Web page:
An official from Eric’s agency E&J Entertainment said, “We hope you continue to show interest in and support for Eric, who’s been working hard even during his breaks to look over his script and fit perfectly into his role as Kang Taeha.”

'Finding True Love' airs every Monday and Tuesday at 10 PM.

Source: 10 Asia

I’m going through my old Facebook friendslist and seeing who I never added on my new facebook and seeing how everyone at ECU is doing for shits and giggles

Well everyone at ECU is exactly as I expected honestly and all of the partying and wildness just seemed so normal back then, but I look back now and i’m just like “wow i’m so glad I left” 

But I found an exboyfriend of mine and I was like OH FUCK I REMEMBER YOU. I dated this guy in 10th grade for like a year so I clicked on his profile too cause last time I heard he was applying to grad school, appearntly he got into grad school to some fancy school up north and works for a pharm company now. He looks twice as geeky as I remember and honeslty looks like a freaking prick, cause he kinda is. A lot of what he said was kinda misogynstic and racist. 

And someone I went o ECU just added my new profile so I accepted them AND HOLY SHIT. So we came in at the same time to ECU he was dance, I was theatre. Well he was short and had a baby face and he’s like 6’3” now and has facial hair and looks like he made puberty his bitch and I almost screamed out JACOB WHAT THE HELL.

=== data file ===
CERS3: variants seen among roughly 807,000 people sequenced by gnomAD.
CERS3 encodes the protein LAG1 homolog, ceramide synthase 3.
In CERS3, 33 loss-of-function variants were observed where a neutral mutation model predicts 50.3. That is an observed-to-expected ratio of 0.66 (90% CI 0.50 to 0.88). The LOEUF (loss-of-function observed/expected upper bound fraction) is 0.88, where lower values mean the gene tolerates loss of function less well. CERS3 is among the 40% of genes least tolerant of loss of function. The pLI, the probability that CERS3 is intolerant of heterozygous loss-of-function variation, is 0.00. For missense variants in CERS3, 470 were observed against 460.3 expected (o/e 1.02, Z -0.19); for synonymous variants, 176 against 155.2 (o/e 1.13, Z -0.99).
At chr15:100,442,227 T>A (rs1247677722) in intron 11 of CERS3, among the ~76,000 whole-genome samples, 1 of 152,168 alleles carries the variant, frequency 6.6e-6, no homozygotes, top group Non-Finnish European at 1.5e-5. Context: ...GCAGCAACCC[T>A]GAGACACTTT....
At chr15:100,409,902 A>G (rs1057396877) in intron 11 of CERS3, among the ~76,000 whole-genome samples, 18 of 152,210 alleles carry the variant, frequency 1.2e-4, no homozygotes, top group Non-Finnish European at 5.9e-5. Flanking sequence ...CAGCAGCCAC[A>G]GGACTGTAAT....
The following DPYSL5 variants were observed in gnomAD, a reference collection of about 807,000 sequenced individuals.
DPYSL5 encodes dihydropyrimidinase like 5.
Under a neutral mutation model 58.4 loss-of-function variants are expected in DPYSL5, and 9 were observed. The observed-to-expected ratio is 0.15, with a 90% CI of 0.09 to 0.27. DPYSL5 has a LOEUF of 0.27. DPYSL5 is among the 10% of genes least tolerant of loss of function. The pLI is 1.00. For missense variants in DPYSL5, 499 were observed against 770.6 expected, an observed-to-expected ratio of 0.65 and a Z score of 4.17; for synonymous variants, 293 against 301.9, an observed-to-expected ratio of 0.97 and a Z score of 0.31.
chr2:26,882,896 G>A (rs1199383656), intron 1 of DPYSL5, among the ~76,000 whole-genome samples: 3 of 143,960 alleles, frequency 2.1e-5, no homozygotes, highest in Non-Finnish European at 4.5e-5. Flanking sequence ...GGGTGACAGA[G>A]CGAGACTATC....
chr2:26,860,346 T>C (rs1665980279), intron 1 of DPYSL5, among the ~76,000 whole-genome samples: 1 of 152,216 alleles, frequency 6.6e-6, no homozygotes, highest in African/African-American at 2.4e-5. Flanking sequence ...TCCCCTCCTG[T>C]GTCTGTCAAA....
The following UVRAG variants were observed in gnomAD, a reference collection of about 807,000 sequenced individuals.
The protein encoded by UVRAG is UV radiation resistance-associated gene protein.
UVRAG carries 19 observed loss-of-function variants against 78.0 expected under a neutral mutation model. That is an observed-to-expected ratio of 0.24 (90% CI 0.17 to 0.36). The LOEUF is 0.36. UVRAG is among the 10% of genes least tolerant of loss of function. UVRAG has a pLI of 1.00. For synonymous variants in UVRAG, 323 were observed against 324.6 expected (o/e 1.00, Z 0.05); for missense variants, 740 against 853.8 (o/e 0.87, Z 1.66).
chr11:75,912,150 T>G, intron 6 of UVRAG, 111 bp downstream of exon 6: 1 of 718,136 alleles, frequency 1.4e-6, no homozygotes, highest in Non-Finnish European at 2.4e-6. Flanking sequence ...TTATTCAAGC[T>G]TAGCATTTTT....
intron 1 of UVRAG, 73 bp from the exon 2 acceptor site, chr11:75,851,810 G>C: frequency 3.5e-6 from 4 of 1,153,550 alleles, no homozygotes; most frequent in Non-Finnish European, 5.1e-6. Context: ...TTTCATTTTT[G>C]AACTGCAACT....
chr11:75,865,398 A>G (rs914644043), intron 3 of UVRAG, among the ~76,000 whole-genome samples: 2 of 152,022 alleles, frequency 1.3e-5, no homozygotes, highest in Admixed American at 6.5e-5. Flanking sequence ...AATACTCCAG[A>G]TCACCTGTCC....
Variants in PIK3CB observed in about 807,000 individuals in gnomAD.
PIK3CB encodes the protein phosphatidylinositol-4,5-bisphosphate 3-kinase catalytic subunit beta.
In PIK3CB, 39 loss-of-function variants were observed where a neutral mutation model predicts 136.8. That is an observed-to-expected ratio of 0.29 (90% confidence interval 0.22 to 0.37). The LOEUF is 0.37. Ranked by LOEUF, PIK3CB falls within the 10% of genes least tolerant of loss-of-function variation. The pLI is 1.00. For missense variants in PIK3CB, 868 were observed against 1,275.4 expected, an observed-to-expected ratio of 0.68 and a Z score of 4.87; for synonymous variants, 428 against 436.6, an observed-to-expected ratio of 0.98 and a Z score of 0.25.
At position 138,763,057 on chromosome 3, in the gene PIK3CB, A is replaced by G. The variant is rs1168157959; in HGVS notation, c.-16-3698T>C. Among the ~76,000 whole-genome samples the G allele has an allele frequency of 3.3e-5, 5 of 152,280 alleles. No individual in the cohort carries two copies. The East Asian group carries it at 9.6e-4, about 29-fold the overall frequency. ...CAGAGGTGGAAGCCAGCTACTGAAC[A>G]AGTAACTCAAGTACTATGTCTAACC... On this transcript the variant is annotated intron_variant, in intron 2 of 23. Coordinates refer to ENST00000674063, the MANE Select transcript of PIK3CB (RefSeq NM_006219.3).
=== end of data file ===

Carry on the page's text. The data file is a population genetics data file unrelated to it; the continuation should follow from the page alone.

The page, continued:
This is like going through a year book honestly. 

Is this what your 10 year high school reuinon feels like?

Cause everyone has changed so much, yet they’re exactly the same at the same time. So familiar, yet so different. 

Its crazy 

At one point we were in the front seat and he was CENSORED me and his profile looked just like avw and i pretended it was him it was like all of my pent up 15 year old sexual frustration finally was released

that screenshot came from the comments on a photo of a shoe that the bass player of Spin Doctors posted on his facebook profile.


People were really happy to see Ted happy after all this time. He’s probably suffered the most of all the characters on the show. He’s been punched around literally and figuratively, and I think there was some relief seeing him happy and with a person who loves his jokes and got his weird things because she has her own weird things. It’s just the happiness of someone you care about. I think that speaks to something really nice. That people care about him, they care about the show and want him to be okay.
- Josh Radnor